All of these things pointed to the same man, a Messiah, a Savior who was to come.  All of Advent, we prepared for His coming.  And now, on this Christmas morning, the moment we’ve all been waiting for has arrived.  “Today in the town of David a Savior has been born to you; He is the Messiah, the Lord.  This will be a sign to you: You will find a baby wrapped in cloths and lying in a manger.”  Jesus Christ our Lord and Savior has come!

The bare essence of God’s covenant with us as His children is that He is our God, and we are His people.  When you boil it down, it’s all about our relationship with Him, a relationship which we broke by sinning against God and living life our own way.  But that’s why the Savior came.  Yahweh sent His Son Jesus into the world to fix the relationship.  God could have given up on us, but He didn’t.  He gave us a solution, a sacrifice to pay for our sins.

The past few weeks, the various Bible studies here at church have given me a few things to think about.  During our Wednesday morning Bible study this week, Pastor pointed out how American Christianity likes to focus more on Christ’s birth than Christ’s death.  A cooing baby boy is a more pleasant thing to talk about than a man who’s bleeding to death.  So Pastor actually shifted the focus of class more towards the cross than the manger.

And in Mark Wilkening’s class on Sunday morning a few weeks ago, he wrapped up the class with some good ol’ gospel, challenging any of us to think of a better gift, a greater gift, than Jesus and the salvation that He gives to us.  I had a smart-alic answer, but I kept it to myself.  But it connects today, so I’m going to say it now.  What about creation?  If push comes to shove, which is the greater gift: that God created you, or that He saved you?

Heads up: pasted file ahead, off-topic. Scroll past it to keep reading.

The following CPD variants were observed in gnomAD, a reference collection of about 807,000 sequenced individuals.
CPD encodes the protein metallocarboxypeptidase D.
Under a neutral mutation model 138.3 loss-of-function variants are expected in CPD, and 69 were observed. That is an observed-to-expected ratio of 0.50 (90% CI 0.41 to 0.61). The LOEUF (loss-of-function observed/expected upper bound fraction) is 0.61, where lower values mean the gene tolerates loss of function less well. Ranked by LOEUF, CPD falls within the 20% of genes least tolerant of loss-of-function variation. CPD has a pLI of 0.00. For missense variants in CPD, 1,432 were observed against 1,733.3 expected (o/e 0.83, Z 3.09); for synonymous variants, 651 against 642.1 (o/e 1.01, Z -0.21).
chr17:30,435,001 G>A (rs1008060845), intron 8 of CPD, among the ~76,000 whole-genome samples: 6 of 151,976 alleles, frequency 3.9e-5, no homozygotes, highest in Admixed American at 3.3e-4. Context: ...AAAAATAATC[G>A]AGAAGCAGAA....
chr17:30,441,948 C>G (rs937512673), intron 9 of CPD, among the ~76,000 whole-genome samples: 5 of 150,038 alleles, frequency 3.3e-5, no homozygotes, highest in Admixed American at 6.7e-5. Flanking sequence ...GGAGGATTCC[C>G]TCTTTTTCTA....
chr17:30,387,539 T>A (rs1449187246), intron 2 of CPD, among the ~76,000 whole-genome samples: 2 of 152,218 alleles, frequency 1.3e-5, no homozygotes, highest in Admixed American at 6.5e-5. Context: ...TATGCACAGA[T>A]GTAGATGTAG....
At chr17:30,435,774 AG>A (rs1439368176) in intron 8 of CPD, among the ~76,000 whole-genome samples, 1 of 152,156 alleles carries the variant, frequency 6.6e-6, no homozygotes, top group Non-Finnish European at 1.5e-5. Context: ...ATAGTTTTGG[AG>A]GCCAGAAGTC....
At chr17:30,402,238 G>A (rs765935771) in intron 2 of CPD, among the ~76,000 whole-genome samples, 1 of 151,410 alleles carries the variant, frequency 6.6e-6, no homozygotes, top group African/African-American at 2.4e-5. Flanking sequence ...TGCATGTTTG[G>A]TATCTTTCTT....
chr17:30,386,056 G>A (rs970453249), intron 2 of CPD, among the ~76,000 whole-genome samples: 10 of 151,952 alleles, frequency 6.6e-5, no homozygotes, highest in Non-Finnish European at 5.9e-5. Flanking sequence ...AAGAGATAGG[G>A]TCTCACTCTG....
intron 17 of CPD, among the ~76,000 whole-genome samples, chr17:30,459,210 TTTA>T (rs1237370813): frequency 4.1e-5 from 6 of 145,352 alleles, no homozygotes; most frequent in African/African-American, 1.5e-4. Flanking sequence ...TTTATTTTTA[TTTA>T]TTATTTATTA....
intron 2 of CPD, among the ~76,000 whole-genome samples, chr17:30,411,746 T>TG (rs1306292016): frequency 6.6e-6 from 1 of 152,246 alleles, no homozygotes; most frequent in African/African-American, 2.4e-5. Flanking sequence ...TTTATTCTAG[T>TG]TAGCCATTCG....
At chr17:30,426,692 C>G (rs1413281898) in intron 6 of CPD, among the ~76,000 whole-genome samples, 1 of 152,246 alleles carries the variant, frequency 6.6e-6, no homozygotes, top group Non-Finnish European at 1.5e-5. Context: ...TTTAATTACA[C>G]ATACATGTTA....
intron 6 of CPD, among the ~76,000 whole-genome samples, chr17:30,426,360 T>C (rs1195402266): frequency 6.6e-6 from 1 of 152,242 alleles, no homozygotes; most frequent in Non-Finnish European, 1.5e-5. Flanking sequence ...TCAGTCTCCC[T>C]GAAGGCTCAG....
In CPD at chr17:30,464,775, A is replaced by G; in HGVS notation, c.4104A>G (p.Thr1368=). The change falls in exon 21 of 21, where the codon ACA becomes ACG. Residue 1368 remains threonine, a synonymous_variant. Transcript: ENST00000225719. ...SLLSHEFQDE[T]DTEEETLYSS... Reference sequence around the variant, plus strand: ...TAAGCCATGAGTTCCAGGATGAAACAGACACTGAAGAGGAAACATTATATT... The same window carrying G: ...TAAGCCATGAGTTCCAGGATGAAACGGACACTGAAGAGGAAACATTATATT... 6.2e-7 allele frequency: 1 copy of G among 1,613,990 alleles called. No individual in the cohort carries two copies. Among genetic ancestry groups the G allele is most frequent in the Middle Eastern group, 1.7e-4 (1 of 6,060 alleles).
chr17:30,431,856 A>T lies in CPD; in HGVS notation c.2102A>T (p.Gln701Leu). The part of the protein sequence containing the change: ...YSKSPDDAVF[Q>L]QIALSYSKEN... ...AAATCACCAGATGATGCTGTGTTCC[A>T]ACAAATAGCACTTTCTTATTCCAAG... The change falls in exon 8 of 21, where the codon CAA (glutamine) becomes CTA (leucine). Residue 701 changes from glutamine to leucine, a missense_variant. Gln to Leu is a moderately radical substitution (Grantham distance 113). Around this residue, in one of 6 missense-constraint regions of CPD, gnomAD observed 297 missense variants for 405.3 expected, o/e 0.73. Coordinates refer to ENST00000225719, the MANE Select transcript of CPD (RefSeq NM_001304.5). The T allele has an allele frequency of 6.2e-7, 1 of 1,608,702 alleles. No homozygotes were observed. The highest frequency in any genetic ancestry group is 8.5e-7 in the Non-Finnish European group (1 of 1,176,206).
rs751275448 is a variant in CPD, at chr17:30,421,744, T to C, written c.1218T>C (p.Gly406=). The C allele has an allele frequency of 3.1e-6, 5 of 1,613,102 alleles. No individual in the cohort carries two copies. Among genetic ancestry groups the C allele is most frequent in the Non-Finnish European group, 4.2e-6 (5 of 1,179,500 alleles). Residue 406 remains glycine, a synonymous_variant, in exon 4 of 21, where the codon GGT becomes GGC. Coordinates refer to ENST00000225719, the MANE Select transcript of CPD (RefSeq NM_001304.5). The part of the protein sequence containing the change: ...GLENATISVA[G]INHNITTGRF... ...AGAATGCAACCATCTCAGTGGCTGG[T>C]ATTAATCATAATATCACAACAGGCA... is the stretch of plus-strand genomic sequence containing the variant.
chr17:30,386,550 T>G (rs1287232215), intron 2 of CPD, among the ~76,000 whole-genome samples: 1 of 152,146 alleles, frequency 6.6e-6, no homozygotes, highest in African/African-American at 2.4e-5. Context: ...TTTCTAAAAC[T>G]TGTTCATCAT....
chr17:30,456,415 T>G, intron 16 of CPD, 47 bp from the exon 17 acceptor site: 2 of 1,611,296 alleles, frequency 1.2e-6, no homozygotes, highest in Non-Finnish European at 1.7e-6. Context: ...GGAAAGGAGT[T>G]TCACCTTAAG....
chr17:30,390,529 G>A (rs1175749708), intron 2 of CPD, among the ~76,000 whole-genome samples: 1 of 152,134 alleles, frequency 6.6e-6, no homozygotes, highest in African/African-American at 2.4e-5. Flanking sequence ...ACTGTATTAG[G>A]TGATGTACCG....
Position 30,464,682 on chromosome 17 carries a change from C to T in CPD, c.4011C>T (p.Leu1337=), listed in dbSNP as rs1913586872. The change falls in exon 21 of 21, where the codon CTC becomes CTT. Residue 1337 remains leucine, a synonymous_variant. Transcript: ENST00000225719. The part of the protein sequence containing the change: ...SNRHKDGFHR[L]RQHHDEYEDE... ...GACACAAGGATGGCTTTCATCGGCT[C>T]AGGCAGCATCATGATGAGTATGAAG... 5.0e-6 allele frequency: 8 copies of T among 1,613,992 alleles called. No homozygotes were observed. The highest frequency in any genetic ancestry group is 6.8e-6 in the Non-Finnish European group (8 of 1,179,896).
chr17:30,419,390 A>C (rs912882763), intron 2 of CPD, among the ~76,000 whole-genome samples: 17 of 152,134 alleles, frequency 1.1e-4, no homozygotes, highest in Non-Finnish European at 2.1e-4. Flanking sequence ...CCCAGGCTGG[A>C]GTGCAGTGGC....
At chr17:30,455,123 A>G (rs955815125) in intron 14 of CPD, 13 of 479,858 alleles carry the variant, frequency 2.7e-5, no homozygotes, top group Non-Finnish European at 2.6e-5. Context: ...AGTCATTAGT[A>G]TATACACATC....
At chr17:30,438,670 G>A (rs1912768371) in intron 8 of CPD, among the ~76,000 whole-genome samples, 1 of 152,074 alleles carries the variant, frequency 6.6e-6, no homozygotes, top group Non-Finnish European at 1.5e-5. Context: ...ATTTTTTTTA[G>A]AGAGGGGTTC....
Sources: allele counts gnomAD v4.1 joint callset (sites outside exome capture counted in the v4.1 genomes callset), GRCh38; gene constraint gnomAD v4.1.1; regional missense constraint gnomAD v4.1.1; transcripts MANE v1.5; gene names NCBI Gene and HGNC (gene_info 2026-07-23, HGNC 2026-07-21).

It creates a paradox for us.  If God hadn’t created us, we wouldn’t need saving.  But if we aren’t saved, creation would be a terrible thing.  It’s a paradox, and that’s okay.  Paradoxes are one of the things that separate and distinguish the Lutheran church from other church bodies.  We’re okay with saying that we don’t know.  We’re okay saying that sometimes we have to hold things in tandem, even though it doesn’t make sense.

Think about that for a moment.  Paradoxes are all over in our theology.  Are you a saint, or a sinner?  The Bible calls you a saint, you know you are a saint via your baptism, but yet you sin don’t you?  Well, sinning means you’re not a Christian.  So which are you?  Are you a saint, or a sinner?  And Lutherans answer, Yes.

What about the Lord’s Supper?  How can the elements in the meal be both bread and body, both wine and blood, at the same time?  We don’t see the blood or the body, and we don’t taste them, but they’re there.  And yet, the bread and wine don’t just vanish either, as the Catholics teach philosophically, but they are both still there.  So what does Luther say?  In, with, and under.

And what about predestination?  God, in His foreknowledge, saves the elect, those who believe.  But doesn’t that also mean He condemns everyone else to Hell as most Protestant churches today say when they believing in double-predestination?  No, that’s saying too much.